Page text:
“What exactly is Welsh Rarebit?” you’re probably asking yourself.
Most of us know this dish as basically cheese on toast. Not a bad thing.
It’s actually a dish that was born of poverty in 18th Century Wales. At that time, only the wealthiest could afford meat. Cheese was the “meat” of the poor. Over time, “Rarebit” became the bastardization of “rabbit”.
Most recipes that I’ve found contain some sort of alcohol, generally ale. However, I wanted a recipe that didn’t have any alcohol. And, I finally came across one written by Jennifer Paterson of “Two Fat Ladies” fame. It is different than traditional Rarebit, which is generally a cheese sauce, in that this recipe is more of a souffle-style.
This won’t behave like what most would think of as a souffle. It certainly doesn’t rise like one. The souffle-style comes from the base (cheese and egg yolks) folded into beaten egg whites which makes the topping a souffle effect.
The tomato soup is just a natural paring.
Tomato soup goes with just about everything.
Welsh Rarebit mixed with tomato soup or tomatoes is known as “Blushing Bunny”. Huh.
Now. To the recipes.
Now, of course, with either of these recipes, you can serve them separately with a simple salad to make a nice lunch or a light dinner. Together, they make a rather hearty end-of-day vegetarian supper.
For the Rarebit, if you want to use other cheeses or all of one or the other, go ahead. However, cheddar is the most traditional. Be sure to use a sharp cheddar. Once you add the egg whites, it will neutralize the flavor of the cheese mixture, so you want a stong-tasting cheese. Longhorn cheddar won’t do.
With summer coming up, fresh tomatoes will be abundant. If you want to use your fresh home-grown tomatoes, by all means, do. Use the equivalent amount to fresh tomatoes. Depending on how “rustic” you like your soup, you can peel and seed your fresh tomatoes before using them in the soup if you prefer. It’s up to you.
As for canned, I use Muir Glen Fire Roasted. If you want to use your fresh tomatoes but would like the roasted flavor, you can either roast your tomatoes on the grill or slow-roast in your oven.
2 tbsp. olive oil
1 small onion, diced
3 cloves garlic, minced
1/2 tsp. red pepper flakes, optional
4 tbsp. tomato paste
1 lg. (28 oz.) can tomatoes
1/4 c. balsamic vinegar
1 lg. sprig rosemary, left whole
4 c. vegetable broth
Salt & Pepper to taste
1 bunch fresh basil, julienned
Shredded Parmesan or Romano
1. In a large saucepan over medium-high heat, saute the onions and garlic until the onions begin to soften, about 5 minutes.
2. Add the red pepper flakes, if using, and cook another minute.
3. Add the tomato paste and, stirring frequently, cook until the tomato paste begins to take on a rust-colored appearance (this indicates the sugars in the tomato paste are caramelizing).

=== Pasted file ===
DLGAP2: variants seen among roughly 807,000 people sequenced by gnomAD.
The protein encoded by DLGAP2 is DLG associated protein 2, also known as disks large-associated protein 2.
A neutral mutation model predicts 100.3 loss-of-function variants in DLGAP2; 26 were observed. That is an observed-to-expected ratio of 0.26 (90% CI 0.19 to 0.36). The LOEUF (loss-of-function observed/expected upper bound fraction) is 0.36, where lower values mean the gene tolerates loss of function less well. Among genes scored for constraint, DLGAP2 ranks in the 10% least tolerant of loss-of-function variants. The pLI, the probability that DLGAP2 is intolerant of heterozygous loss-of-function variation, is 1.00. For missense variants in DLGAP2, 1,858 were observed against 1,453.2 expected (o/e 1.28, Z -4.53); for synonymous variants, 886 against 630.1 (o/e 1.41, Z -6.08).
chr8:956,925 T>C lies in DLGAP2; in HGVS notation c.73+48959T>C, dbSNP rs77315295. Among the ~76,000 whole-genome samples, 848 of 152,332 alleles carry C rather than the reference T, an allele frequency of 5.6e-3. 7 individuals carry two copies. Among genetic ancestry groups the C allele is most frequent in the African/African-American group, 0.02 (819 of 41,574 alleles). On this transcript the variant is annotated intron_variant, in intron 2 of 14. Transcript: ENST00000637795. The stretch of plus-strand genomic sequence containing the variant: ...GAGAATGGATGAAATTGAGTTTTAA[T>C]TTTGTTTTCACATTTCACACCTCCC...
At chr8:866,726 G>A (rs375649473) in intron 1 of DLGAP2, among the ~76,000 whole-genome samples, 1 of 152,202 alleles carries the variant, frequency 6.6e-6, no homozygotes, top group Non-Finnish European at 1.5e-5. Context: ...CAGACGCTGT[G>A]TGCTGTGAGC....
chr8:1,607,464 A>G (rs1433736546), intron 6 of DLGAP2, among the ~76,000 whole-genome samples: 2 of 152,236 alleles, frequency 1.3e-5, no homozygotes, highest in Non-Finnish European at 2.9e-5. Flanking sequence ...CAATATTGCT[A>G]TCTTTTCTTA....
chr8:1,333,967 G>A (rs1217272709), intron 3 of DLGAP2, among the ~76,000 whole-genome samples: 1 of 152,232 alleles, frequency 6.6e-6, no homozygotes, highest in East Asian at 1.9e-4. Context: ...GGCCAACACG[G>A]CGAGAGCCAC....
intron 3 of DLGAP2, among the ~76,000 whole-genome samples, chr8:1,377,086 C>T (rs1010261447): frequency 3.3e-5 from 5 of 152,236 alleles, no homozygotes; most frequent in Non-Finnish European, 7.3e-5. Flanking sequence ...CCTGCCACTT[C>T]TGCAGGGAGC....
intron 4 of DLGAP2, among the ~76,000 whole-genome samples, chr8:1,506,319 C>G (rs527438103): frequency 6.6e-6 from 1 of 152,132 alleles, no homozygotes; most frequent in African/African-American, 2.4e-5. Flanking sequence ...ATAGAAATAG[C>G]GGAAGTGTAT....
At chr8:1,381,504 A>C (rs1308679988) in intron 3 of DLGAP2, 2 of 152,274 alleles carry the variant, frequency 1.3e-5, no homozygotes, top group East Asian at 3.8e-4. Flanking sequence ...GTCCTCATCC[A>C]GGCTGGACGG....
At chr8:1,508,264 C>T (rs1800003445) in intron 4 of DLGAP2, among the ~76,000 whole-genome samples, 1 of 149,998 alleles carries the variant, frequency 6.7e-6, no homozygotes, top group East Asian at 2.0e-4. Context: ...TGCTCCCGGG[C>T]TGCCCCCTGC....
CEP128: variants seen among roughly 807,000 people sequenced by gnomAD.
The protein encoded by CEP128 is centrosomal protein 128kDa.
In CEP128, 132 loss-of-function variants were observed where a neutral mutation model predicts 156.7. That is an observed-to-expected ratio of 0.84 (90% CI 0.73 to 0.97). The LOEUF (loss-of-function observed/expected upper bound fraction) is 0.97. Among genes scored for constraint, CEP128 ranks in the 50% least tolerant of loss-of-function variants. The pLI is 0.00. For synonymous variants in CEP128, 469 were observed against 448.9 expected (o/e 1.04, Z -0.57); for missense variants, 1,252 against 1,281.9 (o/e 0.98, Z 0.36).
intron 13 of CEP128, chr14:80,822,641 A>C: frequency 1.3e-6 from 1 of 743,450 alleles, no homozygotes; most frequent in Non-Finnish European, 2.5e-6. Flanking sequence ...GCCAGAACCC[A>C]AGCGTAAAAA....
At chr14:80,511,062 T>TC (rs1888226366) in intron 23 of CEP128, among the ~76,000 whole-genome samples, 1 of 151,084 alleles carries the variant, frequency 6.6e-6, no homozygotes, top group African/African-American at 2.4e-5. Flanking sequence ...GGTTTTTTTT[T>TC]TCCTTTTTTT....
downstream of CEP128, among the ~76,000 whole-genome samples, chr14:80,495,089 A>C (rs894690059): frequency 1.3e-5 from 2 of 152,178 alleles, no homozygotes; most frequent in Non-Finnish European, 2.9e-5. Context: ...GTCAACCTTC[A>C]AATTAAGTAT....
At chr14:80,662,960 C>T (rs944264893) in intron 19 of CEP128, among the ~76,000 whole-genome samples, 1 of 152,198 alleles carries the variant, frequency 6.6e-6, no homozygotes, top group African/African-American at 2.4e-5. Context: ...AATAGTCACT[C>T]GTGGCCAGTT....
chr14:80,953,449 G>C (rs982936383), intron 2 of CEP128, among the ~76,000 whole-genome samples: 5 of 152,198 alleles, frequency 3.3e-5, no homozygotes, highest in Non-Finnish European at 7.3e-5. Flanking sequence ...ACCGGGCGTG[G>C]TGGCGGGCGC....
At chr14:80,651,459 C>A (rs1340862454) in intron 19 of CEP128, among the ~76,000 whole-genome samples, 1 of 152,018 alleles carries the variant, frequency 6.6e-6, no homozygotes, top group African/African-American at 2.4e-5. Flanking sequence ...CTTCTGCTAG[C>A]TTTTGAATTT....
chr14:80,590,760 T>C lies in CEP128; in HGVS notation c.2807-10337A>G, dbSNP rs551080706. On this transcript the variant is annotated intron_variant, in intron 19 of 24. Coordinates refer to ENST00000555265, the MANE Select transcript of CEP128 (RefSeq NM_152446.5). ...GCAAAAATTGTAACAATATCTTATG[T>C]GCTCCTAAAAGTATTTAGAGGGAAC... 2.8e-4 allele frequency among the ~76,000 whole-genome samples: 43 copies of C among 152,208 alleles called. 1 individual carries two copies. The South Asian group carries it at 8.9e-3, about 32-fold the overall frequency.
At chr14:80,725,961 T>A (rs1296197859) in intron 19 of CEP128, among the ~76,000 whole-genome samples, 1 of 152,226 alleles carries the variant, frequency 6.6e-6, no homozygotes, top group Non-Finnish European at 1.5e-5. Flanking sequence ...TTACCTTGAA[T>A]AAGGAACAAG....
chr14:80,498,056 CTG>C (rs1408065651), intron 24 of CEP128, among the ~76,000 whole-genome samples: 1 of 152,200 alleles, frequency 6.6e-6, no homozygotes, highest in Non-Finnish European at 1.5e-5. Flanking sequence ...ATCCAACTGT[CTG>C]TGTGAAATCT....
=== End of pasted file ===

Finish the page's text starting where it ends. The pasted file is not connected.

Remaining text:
4. Add the tomatoes, rosemary, vinegar, broth, sugar, salt & pepper. Stir until the soup is well mixed. Cover and bring to a boil. Once the soup has come to a boil, uncover, lower the heat to medium-low, and cook for 30 minutes. Stir occasionally.
5. After the first 30 minutes of cooking, remove the soup from the heat and remove the rosemary stem. Let the soup cool slightly.
6. With either a stand blender (in batches) or a stick blender, puree the soup. Make it as smooth or as texture as you like. If you want a super-smooth soup, then pour the pureed soup through a strainer. Taste for seasoning.
7. Put the soup back on the stove to reheat over medium heat and just bring back to a boil. Turn off the heat and add the basil. Set the soup aside and let the basil “steep”.
Meanwhile, while the soup is cooking, make the Rarebit.
1 c. grated extra sharp Cheddar Cheese
1 c. grated Gruyère or Emmenthal Cheese
3 eggs, separated
1/4 tsp. cream of tartar
1 tsp. dry mustard
1/2 tsp. cayenne
1/2 tsp. paprika
1 tsp. Worcestershire Sauce
Salt & pepper to taste
4 thick slices bread (sourdough or country loaf works best)
1. In a large bowl mix the cheese with the egg yolks, Worcestershire, dry mustard, cayenne, paprika, salt & pepper. Set aside.
2. Preheat the oven to 450F. Place the bread on a baking sheet lines with foil and parchment paper and toast the bread until it is lightly toasted on both sides. Set aside.
3. In a mixer, beat the egg whites with the cream of tartar until the whites reach stiff peak stage.
4. Take 1/4 of the egg whites and mix them into the cheese mixture to lighten it up a bit.
5. Take the remaining egg whites, 1/3 at a time, and fold them into the cheese mixture. Don’t worry about making a homogenous mixture. You just want to get a good mix with the cheese.
6. Divide the mixture evenly between the pieces of bread (there will be quite a lot).
Place the baking sheet in the oven and bake for 10 – 12 minutes or until the souffles are brown and have risen slightly.
Finish the meal: By this point, the soup should be finished and the basil “steeping”.
Spoon the soup into a bowl and sprinkle some Parmesan or Romano over the top.
Place one of the Rarebit on a plate.